GRAND RAPIDS, Mich. (WOOD) — Human papillomavirus, or HPV, infects 13 million people every year. While most infections will resolve on their own, 36,000 cases of cancer develop because of HPV infection.
A vaccine was introduced more than 15 years ago. Since then, research has shown HPV infections that cause most cancers are down 88% in teen girls. The CDC recommends boys and girls be vaccinated between the ages of 11 and 12 years old. Still, there are myths associated with the infection and vaccine.
Myth: HPV is uncommon.
Dr. Martha Walsh, senior medical director and associate chief medical officer at Blue Cross Blue Shield of Michigan said it’s an extremely common infection.
“Actually, HPV is the most common sexually transmitted infection,” she said.
Walsh said 42 million people living in the U.S. today have the HPV virus and show no symptoms. She reminds men and women to have timely and appropriate screenings for HPV-related cancers.
Myth: HPV only causes cervical cancer in women.
Dr. Walsh said this myth is perpetuated by the wide knowledge that HPV is associated with cervical, vaginal and vulvar cancer.
“The reality is it can cause other types of cancers in both sexes, men and women. Those include oropharyngeal cancer, which is a mouth and throat type of cancer, and also anal cancer. So both men and women can be exposed to HPV and develop those types of cancer,” said Walsh.
Walsh notes oropharyngeal cancer is on the rise. The reason people used to get that disease is from smoking. As smoking decreases, HPV-related mouth and throat cancers are increasing.
Myth: The HPV vaccine causes fertility issues.
Walsh said in the U.S. 138 million doses of the HPV vaccine have been given. She said science has followed adverse effects of the vaccine and there has been no fertility issues reported.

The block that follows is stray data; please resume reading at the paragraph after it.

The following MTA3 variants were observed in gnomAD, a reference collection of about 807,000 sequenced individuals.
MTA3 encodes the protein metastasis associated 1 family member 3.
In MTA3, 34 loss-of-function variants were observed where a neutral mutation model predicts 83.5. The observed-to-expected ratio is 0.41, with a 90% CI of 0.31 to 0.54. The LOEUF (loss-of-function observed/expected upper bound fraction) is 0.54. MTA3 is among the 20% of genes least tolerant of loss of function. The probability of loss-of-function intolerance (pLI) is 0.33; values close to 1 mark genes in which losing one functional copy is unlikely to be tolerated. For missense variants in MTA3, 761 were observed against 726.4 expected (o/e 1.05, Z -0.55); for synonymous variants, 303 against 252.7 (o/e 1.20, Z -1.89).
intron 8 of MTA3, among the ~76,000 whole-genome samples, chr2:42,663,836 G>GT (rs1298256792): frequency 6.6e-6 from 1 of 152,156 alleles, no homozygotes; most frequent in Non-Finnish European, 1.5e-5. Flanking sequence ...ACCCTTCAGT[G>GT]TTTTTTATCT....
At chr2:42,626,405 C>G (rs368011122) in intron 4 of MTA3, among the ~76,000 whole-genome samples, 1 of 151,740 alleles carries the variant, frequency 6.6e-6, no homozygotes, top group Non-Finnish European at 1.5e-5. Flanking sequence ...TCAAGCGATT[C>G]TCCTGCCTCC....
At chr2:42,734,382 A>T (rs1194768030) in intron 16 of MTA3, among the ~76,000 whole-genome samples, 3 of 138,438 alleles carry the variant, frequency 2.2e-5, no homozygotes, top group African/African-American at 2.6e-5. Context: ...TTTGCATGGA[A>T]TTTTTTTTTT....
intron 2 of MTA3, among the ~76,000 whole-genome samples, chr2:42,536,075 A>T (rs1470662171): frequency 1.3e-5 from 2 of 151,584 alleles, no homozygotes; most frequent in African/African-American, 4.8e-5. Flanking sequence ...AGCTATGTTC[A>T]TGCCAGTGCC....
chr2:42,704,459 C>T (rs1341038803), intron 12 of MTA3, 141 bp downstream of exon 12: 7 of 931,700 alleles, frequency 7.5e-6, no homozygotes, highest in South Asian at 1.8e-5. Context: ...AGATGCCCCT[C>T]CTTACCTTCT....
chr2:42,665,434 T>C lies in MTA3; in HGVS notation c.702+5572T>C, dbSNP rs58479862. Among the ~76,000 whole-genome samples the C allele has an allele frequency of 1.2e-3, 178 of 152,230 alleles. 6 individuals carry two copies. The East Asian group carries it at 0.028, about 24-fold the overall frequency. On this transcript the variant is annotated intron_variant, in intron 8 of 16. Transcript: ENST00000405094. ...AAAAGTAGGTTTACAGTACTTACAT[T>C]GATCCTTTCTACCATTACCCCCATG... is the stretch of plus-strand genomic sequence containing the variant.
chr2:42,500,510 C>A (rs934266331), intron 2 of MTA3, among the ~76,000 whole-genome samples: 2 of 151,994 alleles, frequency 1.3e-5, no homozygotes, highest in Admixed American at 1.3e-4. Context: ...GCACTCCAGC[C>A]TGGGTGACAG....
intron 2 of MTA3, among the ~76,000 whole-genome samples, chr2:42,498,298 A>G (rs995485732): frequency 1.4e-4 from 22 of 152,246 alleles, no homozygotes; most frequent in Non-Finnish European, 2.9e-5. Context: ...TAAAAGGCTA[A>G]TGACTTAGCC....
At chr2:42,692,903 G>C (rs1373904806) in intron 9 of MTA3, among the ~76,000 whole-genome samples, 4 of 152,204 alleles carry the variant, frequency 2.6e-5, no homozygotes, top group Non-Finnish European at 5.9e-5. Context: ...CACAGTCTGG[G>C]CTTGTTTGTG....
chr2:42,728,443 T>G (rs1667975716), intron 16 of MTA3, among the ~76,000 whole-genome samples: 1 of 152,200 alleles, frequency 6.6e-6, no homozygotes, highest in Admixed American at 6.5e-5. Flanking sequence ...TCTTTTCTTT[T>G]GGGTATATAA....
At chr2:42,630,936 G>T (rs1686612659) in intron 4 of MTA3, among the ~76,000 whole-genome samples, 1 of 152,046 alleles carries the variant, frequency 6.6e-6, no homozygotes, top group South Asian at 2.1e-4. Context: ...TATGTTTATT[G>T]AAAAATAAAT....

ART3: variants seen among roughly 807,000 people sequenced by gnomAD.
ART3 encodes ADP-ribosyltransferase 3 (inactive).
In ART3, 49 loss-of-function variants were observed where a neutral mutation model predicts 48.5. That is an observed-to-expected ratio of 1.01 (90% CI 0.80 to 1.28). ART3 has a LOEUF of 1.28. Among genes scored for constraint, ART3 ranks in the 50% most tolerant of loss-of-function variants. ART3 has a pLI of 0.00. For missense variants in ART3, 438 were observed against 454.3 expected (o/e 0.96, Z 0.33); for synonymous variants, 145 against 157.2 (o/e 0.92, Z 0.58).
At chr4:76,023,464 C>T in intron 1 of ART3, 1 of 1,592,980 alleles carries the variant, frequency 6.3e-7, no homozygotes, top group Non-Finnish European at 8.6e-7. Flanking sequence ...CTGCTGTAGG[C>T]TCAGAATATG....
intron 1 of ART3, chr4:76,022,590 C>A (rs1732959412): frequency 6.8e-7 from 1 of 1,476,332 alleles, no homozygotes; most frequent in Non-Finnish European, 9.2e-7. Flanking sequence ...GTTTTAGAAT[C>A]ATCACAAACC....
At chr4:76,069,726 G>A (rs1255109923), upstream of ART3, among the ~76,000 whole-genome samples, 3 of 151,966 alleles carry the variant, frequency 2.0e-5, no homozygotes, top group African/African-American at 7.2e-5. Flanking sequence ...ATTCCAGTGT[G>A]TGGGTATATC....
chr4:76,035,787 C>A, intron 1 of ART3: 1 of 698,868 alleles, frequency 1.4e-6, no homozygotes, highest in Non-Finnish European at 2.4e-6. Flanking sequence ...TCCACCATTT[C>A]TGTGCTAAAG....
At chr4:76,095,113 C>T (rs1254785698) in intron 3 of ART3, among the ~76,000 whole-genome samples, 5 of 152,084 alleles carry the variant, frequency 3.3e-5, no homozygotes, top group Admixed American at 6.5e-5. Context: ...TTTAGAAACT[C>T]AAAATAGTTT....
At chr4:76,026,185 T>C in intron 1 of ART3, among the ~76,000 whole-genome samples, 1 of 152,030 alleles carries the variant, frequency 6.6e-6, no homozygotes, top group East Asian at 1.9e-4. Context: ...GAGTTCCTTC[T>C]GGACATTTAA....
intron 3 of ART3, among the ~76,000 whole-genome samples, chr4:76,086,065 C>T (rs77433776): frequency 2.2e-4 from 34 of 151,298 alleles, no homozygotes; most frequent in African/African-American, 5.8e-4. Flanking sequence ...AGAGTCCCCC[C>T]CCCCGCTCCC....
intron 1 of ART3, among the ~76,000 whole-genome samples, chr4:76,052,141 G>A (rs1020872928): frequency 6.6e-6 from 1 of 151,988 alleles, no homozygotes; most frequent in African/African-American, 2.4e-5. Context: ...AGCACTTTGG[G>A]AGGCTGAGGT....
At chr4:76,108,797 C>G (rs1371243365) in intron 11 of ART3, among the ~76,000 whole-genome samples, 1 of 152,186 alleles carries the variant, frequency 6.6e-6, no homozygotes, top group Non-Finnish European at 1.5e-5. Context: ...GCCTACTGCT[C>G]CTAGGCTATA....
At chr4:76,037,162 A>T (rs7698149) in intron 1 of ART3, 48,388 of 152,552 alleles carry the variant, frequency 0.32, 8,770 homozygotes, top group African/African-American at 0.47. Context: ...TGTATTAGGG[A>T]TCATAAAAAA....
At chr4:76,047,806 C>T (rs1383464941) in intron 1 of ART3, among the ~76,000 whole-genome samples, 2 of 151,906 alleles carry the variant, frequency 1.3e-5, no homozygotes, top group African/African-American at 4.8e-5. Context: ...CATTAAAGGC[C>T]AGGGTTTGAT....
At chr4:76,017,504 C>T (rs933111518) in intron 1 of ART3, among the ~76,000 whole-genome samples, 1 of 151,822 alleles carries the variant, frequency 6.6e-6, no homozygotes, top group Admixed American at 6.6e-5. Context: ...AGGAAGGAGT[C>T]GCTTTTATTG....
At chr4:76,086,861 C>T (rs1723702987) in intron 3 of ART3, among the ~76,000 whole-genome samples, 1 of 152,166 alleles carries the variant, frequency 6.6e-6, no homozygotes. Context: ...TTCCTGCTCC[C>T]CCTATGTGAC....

“When women develop cervical cancer or pre-cancers they can develop from HPV, the treatments for pre-cancer and cancer actually can cause issues with fertility and the ability to carry a pregnancy to term,” Walsh said.
Myth: Only people who are sexually active will need the HPV vaccine.
Dr. Walsh said the HPV vaccine is most effective when it’s been given before the patient is exposed to HPV. She said some parents have a hard time vaccinating their young child from something that is sexually transmitted.
“By vaccinating them as an 11 or 12-year-old, they’re really protecting them as an adult from becoming infected with HPV and preventing cancers associated with HPV,” said Walsh.
Myth: The HPV vaccine only prevents genital warts.
Dr. Walsh said the HPV vaccine does help prevent genital warts, but it also protects against the 7 types of the virus that are most likely to cause different types of cancer.
“We really think of the HPV vaccine and cancer prevention,” Walsh said.